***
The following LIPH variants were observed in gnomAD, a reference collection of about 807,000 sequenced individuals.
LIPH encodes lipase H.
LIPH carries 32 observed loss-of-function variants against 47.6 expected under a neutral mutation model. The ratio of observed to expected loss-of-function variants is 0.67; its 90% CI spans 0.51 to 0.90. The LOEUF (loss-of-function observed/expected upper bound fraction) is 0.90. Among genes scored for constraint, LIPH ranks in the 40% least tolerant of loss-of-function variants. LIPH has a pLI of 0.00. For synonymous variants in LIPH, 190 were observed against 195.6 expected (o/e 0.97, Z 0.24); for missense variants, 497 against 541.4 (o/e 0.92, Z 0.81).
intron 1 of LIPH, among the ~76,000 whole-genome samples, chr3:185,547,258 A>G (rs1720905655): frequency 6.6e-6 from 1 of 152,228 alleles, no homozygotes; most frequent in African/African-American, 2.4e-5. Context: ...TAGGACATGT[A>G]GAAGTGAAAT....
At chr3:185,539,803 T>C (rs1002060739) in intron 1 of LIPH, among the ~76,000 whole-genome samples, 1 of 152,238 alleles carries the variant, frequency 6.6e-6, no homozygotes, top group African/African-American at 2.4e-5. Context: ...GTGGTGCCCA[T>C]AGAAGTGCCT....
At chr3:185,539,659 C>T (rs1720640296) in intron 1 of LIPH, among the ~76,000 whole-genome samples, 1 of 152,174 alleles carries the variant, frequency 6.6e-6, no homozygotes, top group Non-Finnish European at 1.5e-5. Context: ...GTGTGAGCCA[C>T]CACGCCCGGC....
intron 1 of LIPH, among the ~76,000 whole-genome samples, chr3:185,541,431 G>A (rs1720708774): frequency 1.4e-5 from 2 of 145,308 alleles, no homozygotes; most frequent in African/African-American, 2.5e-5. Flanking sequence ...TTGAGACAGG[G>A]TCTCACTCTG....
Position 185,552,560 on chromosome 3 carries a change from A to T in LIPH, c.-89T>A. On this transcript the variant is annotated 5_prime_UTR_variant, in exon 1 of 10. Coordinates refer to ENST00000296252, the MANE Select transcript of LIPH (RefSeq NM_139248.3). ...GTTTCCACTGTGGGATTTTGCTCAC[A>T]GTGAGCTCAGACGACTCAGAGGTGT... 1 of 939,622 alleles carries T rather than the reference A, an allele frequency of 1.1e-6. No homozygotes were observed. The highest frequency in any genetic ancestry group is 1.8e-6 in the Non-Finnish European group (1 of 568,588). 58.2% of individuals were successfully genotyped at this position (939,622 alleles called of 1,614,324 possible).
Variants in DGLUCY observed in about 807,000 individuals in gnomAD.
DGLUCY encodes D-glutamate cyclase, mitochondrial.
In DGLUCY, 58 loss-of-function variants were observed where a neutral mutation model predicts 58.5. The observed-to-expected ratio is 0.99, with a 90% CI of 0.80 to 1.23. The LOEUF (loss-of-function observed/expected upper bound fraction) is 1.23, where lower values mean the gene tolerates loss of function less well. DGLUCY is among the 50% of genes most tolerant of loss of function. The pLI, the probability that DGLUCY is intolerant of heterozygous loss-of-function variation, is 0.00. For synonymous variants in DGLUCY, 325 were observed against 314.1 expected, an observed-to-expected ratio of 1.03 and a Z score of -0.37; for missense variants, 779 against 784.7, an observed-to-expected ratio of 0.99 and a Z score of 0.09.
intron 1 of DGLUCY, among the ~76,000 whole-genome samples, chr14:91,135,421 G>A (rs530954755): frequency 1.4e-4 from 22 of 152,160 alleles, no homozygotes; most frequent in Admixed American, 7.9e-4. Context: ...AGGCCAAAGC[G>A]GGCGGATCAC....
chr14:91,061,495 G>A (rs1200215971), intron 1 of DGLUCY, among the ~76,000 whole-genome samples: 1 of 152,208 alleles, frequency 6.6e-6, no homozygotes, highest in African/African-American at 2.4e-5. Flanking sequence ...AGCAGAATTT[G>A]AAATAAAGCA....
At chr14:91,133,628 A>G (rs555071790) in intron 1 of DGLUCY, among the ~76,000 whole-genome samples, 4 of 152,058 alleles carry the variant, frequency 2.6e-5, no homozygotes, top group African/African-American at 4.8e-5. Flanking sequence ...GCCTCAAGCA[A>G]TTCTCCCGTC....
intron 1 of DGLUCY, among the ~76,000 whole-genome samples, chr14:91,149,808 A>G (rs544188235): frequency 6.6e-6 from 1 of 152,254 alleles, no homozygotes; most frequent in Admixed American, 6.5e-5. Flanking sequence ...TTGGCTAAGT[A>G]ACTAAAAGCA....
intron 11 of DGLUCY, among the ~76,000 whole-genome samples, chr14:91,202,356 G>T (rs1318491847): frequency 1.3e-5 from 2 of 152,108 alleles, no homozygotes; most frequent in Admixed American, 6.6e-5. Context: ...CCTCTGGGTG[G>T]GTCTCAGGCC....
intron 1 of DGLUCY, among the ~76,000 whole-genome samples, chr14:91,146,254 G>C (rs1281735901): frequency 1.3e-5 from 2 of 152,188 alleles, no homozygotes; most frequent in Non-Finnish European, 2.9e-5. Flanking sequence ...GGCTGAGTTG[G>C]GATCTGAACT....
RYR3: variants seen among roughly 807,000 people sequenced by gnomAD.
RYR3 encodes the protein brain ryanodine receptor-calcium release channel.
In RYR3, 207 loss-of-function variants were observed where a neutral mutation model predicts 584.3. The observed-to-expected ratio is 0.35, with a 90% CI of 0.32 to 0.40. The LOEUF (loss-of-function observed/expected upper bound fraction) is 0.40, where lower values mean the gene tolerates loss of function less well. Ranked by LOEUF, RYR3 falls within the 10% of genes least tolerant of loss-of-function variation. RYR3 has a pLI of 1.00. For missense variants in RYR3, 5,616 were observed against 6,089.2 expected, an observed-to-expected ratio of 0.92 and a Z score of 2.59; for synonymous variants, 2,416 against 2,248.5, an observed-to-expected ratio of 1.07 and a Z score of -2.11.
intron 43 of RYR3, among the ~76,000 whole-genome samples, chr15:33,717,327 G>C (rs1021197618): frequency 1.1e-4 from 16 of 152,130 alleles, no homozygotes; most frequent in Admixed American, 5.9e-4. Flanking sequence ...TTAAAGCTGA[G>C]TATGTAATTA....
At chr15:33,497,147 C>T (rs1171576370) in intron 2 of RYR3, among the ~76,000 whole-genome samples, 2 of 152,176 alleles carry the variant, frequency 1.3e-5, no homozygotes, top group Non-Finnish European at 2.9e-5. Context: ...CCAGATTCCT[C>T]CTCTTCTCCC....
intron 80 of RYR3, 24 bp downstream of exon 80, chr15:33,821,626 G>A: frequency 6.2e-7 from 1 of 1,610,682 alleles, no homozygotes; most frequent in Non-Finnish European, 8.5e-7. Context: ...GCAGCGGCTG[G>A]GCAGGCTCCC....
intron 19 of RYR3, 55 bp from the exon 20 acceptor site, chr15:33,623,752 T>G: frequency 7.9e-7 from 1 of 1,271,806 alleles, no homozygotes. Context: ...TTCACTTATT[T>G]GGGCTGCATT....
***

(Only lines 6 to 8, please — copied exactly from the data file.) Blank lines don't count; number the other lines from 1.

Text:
At chr3:185,539,659 C>T (rs1720640296) in intron 1 of LIPH, among the ~76,000 whole-genome samples, 1 of 152,174 alleles carries the variant, frequency 6.6e-6, no homozygotes, top group Non-Finnish European at 1.5e-5. Context: ...GTGTGAGCCA[C>T]CACGCCCGGC....
intron 1 of LIPH, among the ~76,000 whole-genome samples, chr3:185,541,431 G>A (rs1720708774): frequency 1.4e-5 from 2 of 145,308 alleles, no homozygotes; most frequent in African/African-American, 2.5e-5. Flanking sequence ...TTGAGACAGG[G>A]TCTCACTCTG....
Position 185,552,560 on chromosome 3 carries a change from A to T in LIPH, c.-89T>A. On this transcript the variant is annotated 5_prime_UTR_variant, in exon 1 of 10. Coordinates refer to ENST00000296252, the MANE Select transcript of LIPH (RefSeq NM_139248.3). ...GTTTCCACTGTGGGATTTTGCTCAC[A>T]GTGAGCTCAGACGACTCAGAGGTGT... 1 of 939,622 alleles carries T rather than the reference A, an allele frequency of 1.1e-6. No homozygotes were observed. The highest frequency in any genetic ancestry group is 1.8e-6 in the Non-Finnish European group (1 of 568,588). 58.2% of individuals were successfully genotyped at this position (939,622 alleles called of 1,614,324 possible).